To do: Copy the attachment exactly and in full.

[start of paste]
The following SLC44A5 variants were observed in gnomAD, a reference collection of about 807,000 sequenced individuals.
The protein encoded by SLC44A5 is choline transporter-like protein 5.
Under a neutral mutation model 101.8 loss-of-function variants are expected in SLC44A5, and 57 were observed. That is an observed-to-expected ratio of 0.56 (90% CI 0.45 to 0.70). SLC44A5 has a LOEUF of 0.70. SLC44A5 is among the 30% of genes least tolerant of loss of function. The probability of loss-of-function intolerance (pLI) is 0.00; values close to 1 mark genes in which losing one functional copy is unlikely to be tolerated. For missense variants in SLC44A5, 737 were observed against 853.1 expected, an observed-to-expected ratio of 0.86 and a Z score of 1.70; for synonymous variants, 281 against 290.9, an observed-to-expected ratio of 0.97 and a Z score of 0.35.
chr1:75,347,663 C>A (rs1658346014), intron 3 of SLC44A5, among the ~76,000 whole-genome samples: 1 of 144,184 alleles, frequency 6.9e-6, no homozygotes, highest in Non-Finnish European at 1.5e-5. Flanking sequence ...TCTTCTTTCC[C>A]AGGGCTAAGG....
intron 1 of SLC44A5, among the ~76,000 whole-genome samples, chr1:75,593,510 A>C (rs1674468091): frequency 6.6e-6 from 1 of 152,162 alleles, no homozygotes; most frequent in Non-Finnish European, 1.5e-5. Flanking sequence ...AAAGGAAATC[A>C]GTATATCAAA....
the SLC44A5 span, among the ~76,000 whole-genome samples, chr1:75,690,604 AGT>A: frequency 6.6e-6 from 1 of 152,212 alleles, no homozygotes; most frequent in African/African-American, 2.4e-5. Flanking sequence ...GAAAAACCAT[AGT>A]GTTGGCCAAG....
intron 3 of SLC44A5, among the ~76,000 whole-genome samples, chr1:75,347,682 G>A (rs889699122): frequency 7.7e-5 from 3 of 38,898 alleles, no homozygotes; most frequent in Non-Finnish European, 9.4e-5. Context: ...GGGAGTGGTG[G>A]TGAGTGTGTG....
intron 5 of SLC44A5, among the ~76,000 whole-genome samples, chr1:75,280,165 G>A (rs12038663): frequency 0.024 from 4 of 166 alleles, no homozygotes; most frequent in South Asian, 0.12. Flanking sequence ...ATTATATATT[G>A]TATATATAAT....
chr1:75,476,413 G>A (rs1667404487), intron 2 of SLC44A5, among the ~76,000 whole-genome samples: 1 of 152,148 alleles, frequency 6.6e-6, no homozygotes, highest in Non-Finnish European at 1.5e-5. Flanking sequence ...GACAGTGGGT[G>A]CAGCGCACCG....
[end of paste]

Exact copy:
The following SLC44A5 variants were observed in gnomAD, a reference collection of about 807,000 sequenced individuals.
The protein encoded by SLC44A5 is choline transporter-like protein 5.
Under a neutral mutation model 101.8 loss-of-function variants are expected in SLC44A5, and 57 were observed. That is an observed-to-expected ratio of 0.56 (90% CI 0.45 to 0.70). SLC44A5 has a LOEUF of 0.70. SLC44A5 is among the 30% of genes least tolerant of loss of function. The probability of loss-of-function intolerance (pLI) is 0.00; values close to 1 mark genes in which losing one functional copy is unlikely to be tolerated. For missense variants in SLC44A5, 737 were observed against 853.1 expected, an observed-to-expected ratio of 0.86 and a Z score of 1.70; for synonymous variants, 281 against 290.9, an observed-to-expected ratio of 0.97 and a Z score of 0.35.
chr1:75,347,663 C>A (rs1658346014), intron 3 of SLC44A5, among the ~76,000 whole-genome samples: 1 of 144,184 alleles, frequency 6.9e-6, no homozygotes, highest in Non-Finnish European at 1.5e-5. Flanking sequence ...TCTTCTTTCC[C>A]AGGGCTAAGG....
intron 1 of SLC44A5, among the ~76,000 whole-genome samples, chr1:75,593,510 A>C (rs1674468091): frequency 6.6e-6 from 1 of 152,162 alleles, no homozygotes; most frequent in Non-Finnish European, 1.5e-5. Flanking sequence ...AAAGGAAATC[A>C]GTATATCAAA....
the SLC44A5 span, among the ~76,000 whole-genome samples, chr1:75,690,604 AGT>A: frequency 6.6e-6 from 1 of 152,212 alleles, no homozygotes; most frequent in African/African-American, 2.4e-5. Flanking sequence ...GAAAAACCAT[AGT>A]GTTGGCCAAG....
intron 3 of SLC44A5, among the ~76,000 whole-genome samples, chr1:75,347,682 G>A (rs889699122): frequency 7.7e-5 from 3 of 38,898 alleles, no homozygotes; most frequent in Non-Finnish European, 9.4e-5. Context: ...GGGAGTGGTG[G>A]TGAGTGTGTG....
intron 5 of SLC44A5, among the ~76,000 whole-genome samples, chr1:75,280,165 G>A (rs12038663): frequency 0.024 from 4 of 166 alleles, no homozygotes; most frequent in South Asian, 0.12. Flanking sequence ...ATTATATATT[G>A]TATATATAAT....
chr1:75,476,413 G>A (rs1667404487), intron 2 of SLC44A5, among the ~76,000 whole-genome samples: 1 of 152,148 alleles, frequency 6.6e-6, no homozygotes, highest in Non-Finnish European at 1.5e-5. Flanking sequence ...GACAGTGGGT[G>A]CAGCGCACCG....